Several thousands of years ago (it depends on who you ask), some of the indigenous peoples of the San Francisco Bay area took up residence in the forest. Their modern descendants are called the Ohlone, which is a Miwok word for people of the west. The Ohlone lived a nomadic life with small tribal units speaking different languages. The acorn was one of their primary food sources. They also hunted deer, bear, elk, and sea critters, and gathered roots, herbs, fruits, nuts, and insects. They had a varied and interesting diet, and would probably love the variety of foodstuffs found in the area today. Grub sushi is a concept worth savoring.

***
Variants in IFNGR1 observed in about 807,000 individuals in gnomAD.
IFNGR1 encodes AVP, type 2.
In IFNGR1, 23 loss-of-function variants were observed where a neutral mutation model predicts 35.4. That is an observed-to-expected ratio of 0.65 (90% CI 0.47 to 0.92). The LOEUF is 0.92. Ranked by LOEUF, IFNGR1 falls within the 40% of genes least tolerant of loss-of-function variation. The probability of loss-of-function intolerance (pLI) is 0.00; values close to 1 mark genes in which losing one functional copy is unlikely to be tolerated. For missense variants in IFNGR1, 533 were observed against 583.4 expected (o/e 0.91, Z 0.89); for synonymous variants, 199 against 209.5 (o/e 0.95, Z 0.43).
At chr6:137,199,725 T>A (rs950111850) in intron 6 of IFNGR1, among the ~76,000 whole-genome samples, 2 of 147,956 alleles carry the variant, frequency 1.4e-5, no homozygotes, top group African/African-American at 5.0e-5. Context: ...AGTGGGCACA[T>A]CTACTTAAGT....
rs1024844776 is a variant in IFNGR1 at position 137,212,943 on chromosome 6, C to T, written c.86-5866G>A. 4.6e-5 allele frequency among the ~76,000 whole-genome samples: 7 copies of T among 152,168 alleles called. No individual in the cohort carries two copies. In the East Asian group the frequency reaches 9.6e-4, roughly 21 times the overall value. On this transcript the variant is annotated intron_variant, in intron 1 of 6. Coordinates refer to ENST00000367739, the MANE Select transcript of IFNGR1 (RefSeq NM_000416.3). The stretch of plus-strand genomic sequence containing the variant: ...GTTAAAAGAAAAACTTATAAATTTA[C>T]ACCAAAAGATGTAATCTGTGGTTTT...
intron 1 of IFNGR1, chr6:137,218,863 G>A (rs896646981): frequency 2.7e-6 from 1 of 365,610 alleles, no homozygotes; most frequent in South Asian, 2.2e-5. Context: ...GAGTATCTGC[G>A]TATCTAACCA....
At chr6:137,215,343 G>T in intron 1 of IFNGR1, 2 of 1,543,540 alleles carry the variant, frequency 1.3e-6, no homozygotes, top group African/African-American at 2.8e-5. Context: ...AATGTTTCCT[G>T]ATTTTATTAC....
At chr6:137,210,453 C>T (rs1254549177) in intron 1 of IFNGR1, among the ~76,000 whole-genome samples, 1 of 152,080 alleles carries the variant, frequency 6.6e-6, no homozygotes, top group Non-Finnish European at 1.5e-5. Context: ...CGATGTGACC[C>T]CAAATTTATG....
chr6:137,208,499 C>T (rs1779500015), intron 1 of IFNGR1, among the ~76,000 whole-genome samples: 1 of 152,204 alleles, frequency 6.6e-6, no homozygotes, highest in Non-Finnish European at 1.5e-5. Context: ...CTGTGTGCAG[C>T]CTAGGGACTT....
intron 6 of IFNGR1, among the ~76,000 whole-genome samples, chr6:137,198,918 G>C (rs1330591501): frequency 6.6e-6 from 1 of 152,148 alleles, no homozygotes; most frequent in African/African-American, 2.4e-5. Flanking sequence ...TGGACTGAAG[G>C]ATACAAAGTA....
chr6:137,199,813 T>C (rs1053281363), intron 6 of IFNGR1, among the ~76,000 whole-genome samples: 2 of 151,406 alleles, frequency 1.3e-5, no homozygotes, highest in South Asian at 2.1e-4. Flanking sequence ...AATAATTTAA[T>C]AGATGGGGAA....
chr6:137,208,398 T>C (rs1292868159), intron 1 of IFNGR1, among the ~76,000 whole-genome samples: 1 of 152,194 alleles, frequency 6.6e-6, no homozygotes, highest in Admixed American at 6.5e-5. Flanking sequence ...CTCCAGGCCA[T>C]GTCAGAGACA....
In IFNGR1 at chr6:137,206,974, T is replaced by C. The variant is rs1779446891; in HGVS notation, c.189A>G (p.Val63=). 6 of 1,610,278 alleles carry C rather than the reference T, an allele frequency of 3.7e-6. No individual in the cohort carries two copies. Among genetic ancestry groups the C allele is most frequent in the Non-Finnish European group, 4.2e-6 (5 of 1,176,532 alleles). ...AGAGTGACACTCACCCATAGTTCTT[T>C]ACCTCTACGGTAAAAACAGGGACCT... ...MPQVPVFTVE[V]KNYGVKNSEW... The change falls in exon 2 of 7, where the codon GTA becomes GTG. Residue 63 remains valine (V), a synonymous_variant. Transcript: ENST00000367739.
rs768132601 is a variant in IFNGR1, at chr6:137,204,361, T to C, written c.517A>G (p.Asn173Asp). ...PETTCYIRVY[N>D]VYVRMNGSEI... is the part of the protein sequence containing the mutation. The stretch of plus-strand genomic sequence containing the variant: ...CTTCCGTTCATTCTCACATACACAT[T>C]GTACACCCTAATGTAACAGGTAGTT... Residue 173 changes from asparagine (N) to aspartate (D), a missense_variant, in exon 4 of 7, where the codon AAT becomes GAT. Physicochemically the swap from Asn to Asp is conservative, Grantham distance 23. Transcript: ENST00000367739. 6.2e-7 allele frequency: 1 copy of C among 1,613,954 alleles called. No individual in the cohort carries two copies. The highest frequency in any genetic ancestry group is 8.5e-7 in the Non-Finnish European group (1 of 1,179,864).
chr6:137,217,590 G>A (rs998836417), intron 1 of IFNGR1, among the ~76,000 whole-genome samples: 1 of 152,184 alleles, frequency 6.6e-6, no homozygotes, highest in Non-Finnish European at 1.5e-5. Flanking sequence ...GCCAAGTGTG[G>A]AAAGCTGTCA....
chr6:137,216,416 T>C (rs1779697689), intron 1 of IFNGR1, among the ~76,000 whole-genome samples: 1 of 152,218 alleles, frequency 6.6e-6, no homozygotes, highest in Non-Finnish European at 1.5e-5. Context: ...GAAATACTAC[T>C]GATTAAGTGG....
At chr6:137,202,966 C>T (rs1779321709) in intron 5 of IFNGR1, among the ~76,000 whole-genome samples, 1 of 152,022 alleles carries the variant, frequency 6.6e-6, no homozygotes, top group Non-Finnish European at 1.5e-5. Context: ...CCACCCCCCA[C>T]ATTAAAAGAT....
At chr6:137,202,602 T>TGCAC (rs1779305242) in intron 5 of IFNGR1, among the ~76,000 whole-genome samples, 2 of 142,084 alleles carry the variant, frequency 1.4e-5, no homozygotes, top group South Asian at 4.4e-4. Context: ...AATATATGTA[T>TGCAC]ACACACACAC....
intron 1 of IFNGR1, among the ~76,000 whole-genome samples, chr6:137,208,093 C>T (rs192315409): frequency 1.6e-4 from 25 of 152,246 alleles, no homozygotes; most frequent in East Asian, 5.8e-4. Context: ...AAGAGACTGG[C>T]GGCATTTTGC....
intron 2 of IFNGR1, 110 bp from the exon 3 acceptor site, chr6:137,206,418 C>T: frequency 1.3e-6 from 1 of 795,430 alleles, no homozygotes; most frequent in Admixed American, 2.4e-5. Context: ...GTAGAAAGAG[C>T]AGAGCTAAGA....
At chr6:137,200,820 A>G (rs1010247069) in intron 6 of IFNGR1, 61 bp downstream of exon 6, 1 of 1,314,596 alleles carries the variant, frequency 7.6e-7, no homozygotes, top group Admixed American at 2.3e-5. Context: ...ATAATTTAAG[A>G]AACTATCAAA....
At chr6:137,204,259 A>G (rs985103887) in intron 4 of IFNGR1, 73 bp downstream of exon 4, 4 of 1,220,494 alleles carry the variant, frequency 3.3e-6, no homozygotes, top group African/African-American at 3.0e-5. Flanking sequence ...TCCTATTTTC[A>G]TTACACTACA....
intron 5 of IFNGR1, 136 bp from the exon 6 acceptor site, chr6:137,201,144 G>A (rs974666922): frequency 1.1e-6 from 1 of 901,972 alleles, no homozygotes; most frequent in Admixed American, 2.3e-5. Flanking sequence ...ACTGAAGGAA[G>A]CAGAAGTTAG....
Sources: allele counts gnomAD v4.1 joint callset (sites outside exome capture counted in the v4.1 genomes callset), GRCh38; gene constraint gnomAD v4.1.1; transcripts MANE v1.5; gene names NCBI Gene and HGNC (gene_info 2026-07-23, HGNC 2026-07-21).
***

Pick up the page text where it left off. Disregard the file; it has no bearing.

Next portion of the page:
As nomads, they weren’t into pyramids or snake mounds or any other long lasting buildings. Their culture was a portable one which featured the lightweight such as the basket over the durable such as pottery. Due to the fragility of their artifacts, little remains of pre-western influence Ohlone manufacture other than some beautifully intricate basketry, bone tools, mortars and pestles and the like.
They did, in fact, walk lightly on the land.
by Gary Starkweather
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